Fifteen miles of low flow, relatively low gradient river takes a long time to complete, and walking makes it worse, and the shuttle is long, and delayed if checking in with the park service same day. Start early, and travel quickly. It's probably freezing cold at the put-in, and the water was snow the night before, so a drysuit is highly recommended. Cold temps, and shallow water, lead to many broken boats in the first six miles. Boat repair kit is mandatory.

If the park see's that our community of river runners can complete the canyon safely and self-sufficiently, then I believe we will have more access granted, and less high-flow restrictions.

Truly one of the greatest kayak runs ever. Some eye candy; The Colorado Kayak Chronicle: Kayaking the Zion Narrows with the Arrogantly Challenged
 

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and a minimum of 150cfs
All great info.

Just wanted to clarify that it has to be at or above 150cfs for a minimum of 24 hours before they'll issue a permit.

Learned that one the hard way after showing up at the permit desk two springs ago when the gauge had *just* ticked 151cfs an hour before. No bueno according to the NPS, and by the next AM it was at 146. So we went mountain biking instead...
 

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Unless something changed, I'm fairly certain that the park's CFS limit is 600cfs as a maximum (supposedly set because that's the limit that local kayaker / rescuers said they would go in), and a minimum of 150cfs (supposedly we will disturb the fish at lower flows).

and delayed if checking in with the park service same day. Start early, and travel quickly.
Thanks for correcting the maximum flow.

As a heads up, they explicitly state permits will not be awarded for the day of but must be gotten 24 hours in advance.

River Trips - Zion National Park (U.S. National Park Service)

As well, here is the Supervisor's Compendium that clarifies rules on river travel:

Watercraft use in all watercourses in the park, to include the Virgin River, requires a permit and must meet the following conditions:
 The types of watercraft permitted must be specifically designed and manufactured for whitewater use.
 Operators must be equipped with USCG-approved personal flotation devices (PFDs).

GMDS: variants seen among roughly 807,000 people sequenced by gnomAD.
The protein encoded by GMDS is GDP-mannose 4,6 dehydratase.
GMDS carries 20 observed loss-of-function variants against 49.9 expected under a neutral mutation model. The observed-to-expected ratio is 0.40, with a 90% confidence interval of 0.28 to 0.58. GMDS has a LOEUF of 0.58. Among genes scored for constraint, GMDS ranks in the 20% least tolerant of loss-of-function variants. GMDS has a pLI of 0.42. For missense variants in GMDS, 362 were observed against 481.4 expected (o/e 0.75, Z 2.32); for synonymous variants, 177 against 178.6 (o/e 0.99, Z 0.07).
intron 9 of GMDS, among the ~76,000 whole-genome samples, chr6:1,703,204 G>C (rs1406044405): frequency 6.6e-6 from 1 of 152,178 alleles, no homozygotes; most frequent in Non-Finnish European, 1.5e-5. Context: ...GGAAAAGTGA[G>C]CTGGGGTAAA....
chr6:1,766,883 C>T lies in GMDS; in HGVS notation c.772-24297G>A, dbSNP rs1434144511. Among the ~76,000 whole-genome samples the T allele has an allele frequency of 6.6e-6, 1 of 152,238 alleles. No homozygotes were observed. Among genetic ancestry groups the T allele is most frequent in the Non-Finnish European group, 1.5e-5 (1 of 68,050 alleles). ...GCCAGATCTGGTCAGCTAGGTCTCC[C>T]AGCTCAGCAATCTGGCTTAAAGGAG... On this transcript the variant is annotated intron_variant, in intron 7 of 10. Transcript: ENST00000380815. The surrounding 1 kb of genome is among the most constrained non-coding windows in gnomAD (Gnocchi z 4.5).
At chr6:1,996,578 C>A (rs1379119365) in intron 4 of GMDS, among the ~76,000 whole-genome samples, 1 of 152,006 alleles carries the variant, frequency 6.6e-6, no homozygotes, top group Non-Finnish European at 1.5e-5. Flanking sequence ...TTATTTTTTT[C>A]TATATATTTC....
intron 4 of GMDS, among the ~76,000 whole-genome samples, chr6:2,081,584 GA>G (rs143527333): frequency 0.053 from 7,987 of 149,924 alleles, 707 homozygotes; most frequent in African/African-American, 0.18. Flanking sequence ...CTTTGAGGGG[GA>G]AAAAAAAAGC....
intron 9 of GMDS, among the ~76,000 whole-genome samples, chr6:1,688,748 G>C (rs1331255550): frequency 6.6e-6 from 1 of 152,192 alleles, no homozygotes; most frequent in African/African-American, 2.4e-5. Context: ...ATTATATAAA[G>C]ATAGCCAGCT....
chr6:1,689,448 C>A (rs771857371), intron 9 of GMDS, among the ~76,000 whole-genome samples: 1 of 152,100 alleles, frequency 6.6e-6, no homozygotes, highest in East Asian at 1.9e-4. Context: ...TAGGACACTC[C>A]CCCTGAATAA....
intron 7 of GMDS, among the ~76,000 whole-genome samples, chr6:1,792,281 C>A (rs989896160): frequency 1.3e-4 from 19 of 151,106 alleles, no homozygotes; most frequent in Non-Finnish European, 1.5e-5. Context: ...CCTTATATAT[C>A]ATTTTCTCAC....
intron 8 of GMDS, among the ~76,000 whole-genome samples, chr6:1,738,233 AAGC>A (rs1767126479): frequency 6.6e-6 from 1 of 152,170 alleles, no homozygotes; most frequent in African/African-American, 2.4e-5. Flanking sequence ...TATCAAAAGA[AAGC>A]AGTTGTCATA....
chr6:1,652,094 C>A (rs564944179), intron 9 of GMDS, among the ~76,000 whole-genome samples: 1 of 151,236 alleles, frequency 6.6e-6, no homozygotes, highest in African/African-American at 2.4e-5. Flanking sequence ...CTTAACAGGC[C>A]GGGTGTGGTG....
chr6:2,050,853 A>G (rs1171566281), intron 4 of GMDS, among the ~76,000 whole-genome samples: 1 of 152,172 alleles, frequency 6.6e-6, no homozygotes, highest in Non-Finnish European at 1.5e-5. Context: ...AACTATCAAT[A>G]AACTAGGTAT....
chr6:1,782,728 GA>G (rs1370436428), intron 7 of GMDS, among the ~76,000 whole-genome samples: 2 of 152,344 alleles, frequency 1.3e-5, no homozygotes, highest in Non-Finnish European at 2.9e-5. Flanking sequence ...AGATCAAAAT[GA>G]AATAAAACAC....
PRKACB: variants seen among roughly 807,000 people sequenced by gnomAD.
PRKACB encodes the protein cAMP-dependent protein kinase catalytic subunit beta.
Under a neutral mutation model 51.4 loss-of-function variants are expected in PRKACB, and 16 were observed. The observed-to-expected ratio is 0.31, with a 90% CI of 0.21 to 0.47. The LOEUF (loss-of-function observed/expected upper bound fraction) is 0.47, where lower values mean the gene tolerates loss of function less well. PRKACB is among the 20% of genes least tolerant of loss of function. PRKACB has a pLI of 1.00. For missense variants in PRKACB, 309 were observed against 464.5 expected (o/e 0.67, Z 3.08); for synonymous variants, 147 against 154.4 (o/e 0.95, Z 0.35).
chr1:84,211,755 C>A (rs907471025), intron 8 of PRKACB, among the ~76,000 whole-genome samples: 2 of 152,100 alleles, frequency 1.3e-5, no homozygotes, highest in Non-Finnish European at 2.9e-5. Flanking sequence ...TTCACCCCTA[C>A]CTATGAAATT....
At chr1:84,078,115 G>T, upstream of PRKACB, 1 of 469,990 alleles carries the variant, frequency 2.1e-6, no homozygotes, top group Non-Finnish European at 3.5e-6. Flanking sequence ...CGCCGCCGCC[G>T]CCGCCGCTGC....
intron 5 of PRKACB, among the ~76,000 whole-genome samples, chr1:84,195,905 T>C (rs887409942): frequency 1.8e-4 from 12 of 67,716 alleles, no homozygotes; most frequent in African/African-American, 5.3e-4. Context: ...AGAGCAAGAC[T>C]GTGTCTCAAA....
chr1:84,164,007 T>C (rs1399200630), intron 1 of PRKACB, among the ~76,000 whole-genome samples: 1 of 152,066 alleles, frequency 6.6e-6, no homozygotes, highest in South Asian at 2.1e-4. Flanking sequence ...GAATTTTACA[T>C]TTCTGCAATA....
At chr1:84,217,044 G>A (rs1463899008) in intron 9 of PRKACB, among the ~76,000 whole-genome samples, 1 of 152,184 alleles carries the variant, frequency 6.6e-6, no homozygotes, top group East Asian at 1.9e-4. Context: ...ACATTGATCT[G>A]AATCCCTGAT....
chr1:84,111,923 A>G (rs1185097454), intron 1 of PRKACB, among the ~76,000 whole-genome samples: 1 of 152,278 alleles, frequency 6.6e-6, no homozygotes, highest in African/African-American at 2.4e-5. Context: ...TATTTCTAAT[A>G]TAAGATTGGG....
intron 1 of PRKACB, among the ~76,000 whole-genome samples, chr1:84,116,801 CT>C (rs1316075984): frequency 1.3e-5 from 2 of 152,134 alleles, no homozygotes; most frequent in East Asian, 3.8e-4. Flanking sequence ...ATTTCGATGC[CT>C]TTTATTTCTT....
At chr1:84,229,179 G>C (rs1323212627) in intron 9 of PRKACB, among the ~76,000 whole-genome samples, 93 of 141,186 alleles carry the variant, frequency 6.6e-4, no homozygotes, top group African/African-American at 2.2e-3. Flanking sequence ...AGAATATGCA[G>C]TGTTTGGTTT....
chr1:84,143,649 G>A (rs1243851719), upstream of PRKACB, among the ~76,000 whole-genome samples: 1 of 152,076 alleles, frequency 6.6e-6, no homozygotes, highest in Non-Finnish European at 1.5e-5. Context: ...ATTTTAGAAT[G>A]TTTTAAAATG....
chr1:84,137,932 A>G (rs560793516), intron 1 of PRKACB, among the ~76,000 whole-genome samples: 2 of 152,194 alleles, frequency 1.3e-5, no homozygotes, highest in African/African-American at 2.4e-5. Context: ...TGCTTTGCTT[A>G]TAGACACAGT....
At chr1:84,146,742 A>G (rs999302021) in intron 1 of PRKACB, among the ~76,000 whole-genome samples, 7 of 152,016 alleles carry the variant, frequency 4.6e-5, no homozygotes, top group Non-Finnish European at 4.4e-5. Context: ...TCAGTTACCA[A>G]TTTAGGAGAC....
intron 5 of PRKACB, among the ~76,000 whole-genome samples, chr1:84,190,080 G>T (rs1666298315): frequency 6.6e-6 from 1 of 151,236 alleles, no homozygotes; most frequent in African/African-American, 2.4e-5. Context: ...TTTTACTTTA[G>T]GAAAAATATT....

CFS limitations: The above watercraft will be allowed by permit only on the North Fork of the Virgin River during periods of the year when the flow in the river exceeds 150 cubic feet per second (cfs) at USGS stream gage 09405500 (North Fork Virgin River near Springdale).
Permits will not be issued for trips north of the Temple of Sinawava when the flow in the river exceeds 600 cfs.
For trips involving any area north of the Temple of Sinawava, the level will be determined by the minimum or maximum flow for the 24 hours preceding the request for the permit. For trips involving any area south of the Temple of Sinawava, the flow will be based on a current reading. Recreational inflatable tubes are not allowed on any watercourses within the park boundaries.
Justification: While the use of watercraft is generally not considered appropriate, it is recognized that during certain times of the year and under certain conditions, runoff through the North Fork of the Virgin River makes floating this stretch of water a unique, challenging, and rewarding recreational experience.
During the busier visitation months, conflicts with other park users have indicated that watercraft use is not in keeping with the unique and spiritually refreshing qualities afforded by a quiet desert stream such as the North Fork of the Virgin River.
Rescue resources are limited to non-existent for areas north of the Temple of Sinawava at flows in excess of 600 cfs due to the extreme difficulty of the trip.
The Virgin spinedace spawning season is approximately from mid-March to July 1st. Water levels during significant runoff events in late spring would be high enough that spinedace would not likely be affected by the type of watercraft mentioned above.
Phillip
 

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An additional consideration... The peak of the diurnal cycle is at night so even when the rio is at the high end of the allowable flow you won't be boating it at those flows. I seem to recall that a 600 night time peak gives you 300ish at noon.